Swedish ivy, or Plectranthus australis, propagates easily from cuttings. The lush, bright green foliage makes Swedish ivy a favorite among house plants. Take cuttings from Swedish ivy to replace a spent plant or for rooting to share the beauty of this gorgeous indoor plant. Whether started in water or soil, the Swedish ivy plant roots well for even a beginning gardener.
Things You'll Need
- Pruning shears or sharp knife
- Water rooter or glass jar
- Potting soil
- Rooting hormone (found in local garden centers)
- Growing tray
- Dibble or pencil
Video of the Day
Rooting Swedish Ivy in Water
Cut 6- to 8- inch clippings from the ends of the Swedish ivy plant, making sure there are at least five or six leaves per cutting. The bottom of the stem cutting must have one or two leaf nodes. To expose the leaf nodes, remove the bottom leaves from the stem cutting.
Fill the water rooter or glass jar with water. Tap water works just fine for rooting the Swedish ivy cuttings. Stick the cuttings into the water so the bottom leaf nodes are covered.
Place the jar or rooter in a bright location. Monitor the cuttings by adding water as needed to maintain a level where the bottom leaf nodes are covered. As the cuttings develop roots, remove them from the jar and plant in separate pots filled with quality potting soil. Maintain plant growth as with the host plant.
Swedish Ivy Cuttings Rooted in Soil
Cut 6- to 8- inch sections of the Swedish ivy from the main stems. Leave the top five leaves on the stem sections. Remove the bottom leaves, making 3 inches of the remaining stem bare.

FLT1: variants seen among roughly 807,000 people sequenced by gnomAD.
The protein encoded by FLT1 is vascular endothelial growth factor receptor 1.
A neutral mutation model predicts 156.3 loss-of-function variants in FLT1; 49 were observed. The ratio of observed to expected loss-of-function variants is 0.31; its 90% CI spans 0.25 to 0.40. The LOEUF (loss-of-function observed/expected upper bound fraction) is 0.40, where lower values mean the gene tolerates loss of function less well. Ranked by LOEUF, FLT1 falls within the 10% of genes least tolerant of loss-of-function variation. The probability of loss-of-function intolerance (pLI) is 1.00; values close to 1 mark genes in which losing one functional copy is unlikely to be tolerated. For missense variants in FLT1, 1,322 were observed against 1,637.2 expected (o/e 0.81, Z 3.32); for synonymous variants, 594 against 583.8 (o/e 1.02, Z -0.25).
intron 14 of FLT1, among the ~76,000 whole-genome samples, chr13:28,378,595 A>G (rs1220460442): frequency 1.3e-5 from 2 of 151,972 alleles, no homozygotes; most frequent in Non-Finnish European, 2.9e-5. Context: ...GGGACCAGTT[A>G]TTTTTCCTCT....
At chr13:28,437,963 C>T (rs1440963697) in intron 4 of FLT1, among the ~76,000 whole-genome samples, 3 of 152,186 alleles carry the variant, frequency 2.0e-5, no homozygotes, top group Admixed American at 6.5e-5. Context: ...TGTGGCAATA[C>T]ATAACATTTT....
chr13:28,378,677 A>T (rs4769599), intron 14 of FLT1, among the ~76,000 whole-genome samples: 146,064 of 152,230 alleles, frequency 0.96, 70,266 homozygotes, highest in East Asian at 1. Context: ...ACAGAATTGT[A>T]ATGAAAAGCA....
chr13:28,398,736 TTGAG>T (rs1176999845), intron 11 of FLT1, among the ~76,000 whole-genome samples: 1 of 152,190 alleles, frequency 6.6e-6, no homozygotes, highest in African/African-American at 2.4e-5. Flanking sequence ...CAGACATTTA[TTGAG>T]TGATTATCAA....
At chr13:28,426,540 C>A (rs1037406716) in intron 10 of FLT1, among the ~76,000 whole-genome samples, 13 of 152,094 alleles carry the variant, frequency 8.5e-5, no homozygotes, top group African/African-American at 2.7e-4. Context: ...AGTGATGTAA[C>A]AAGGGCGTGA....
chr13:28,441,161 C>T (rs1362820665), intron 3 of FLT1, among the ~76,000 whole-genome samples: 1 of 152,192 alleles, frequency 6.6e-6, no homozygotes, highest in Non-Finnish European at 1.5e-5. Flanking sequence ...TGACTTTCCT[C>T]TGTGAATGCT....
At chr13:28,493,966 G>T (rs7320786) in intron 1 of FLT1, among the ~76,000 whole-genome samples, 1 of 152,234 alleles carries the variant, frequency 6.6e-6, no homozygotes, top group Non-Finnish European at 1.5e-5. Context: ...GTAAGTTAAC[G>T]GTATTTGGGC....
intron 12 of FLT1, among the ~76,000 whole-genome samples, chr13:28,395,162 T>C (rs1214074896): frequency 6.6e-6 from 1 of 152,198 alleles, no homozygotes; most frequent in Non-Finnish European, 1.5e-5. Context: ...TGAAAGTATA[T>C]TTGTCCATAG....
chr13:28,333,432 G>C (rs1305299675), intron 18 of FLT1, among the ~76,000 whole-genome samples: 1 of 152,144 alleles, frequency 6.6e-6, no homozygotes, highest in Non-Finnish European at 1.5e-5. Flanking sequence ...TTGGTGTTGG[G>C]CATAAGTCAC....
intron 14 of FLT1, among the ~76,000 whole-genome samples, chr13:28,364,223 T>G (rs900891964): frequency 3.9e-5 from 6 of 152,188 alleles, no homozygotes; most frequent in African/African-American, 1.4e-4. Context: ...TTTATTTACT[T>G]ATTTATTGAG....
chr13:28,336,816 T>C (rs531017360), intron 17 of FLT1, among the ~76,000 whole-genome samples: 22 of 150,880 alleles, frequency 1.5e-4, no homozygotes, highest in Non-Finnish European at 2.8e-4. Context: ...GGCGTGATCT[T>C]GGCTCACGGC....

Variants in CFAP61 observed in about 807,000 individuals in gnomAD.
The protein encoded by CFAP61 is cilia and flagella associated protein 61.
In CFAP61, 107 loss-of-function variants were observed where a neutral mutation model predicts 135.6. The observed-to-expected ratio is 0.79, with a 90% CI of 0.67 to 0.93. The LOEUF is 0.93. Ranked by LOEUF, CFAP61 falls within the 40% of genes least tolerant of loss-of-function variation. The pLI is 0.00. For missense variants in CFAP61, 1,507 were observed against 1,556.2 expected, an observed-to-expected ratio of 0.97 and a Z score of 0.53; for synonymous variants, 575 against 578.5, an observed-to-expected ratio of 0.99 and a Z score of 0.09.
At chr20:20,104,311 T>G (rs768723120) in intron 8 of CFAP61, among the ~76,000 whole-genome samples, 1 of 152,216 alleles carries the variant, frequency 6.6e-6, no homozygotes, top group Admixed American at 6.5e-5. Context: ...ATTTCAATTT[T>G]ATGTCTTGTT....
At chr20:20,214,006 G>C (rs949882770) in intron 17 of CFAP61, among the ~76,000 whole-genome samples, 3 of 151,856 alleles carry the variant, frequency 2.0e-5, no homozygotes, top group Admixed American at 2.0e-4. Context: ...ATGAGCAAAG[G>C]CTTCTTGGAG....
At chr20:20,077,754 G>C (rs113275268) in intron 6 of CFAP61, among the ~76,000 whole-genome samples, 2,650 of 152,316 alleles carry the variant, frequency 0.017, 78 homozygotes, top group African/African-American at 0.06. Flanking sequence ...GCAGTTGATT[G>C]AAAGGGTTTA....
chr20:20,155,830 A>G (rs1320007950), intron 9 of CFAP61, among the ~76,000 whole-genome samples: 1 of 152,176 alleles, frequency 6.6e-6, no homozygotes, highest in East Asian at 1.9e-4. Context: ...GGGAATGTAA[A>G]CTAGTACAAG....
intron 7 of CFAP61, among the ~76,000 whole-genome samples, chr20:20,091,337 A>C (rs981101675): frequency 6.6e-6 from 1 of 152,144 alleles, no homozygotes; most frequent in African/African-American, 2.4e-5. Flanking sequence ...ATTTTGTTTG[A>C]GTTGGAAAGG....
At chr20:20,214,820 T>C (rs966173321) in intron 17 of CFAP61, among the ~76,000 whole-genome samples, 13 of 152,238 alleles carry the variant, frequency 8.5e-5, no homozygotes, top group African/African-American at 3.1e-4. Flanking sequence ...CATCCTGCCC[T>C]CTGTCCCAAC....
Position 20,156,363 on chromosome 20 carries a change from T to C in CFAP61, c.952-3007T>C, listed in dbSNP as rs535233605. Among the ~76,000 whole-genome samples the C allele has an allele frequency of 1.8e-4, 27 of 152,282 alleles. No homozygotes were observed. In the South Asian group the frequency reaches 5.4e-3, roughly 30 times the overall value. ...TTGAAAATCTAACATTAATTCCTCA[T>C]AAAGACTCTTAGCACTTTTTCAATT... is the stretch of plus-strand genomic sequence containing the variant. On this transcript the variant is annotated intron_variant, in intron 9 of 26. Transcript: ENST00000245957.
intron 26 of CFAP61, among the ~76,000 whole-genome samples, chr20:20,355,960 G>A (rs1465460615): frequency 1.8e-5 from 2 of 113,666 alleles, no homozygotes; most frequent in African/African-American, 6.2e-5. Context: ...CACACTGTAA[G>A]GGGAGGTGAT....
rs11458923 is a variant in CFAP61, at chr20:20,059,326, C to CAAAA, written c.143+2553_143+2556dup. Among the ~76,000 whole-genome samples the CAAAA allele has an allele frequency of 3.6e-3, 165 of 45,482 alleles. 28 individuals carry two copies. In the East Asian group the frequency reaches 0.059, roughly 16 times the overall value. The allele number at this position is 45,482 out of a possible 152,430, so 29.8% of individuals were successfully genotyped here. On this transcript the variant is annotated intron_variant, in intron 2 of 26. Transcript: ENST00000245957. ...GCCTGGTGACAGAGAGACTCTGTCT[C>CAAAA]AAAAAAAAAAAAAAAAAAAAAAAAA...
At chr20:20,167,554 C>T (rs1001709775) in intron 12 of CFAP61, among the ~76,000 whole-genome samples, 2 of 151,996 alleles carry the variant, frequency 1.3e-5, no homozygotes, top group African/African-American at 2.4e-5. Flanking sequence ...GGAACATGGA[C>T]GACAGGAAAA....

Fill the growing tray with potting soil and create uniform holes with a dibble or pencil. Spray the soil with water to moisten, but avoid making it soggy. Cuttings rot instead of root in soil that is too wet.
Pour 1 or 2 tbsp. of rooting compound into a separate container to avoid contaminating the original container. Dip the Swedish ivy cuttings into the small container of rooting compound and stick the cuttings into the growing tray.
Tamp the soil down around the cuttings to remove air pockets that may contain bacteria, which can kill cuttings. Place the tray in a sunny location but not in direct sunlight.
Keep the soil moist until new growth forms on the cuttings. New growth signifies root development. Monitor the cuttings until a healthy root system forms. Transplant the rooted cuttings into individual pots for growing. Maintain the potted cuttings just like the host plant.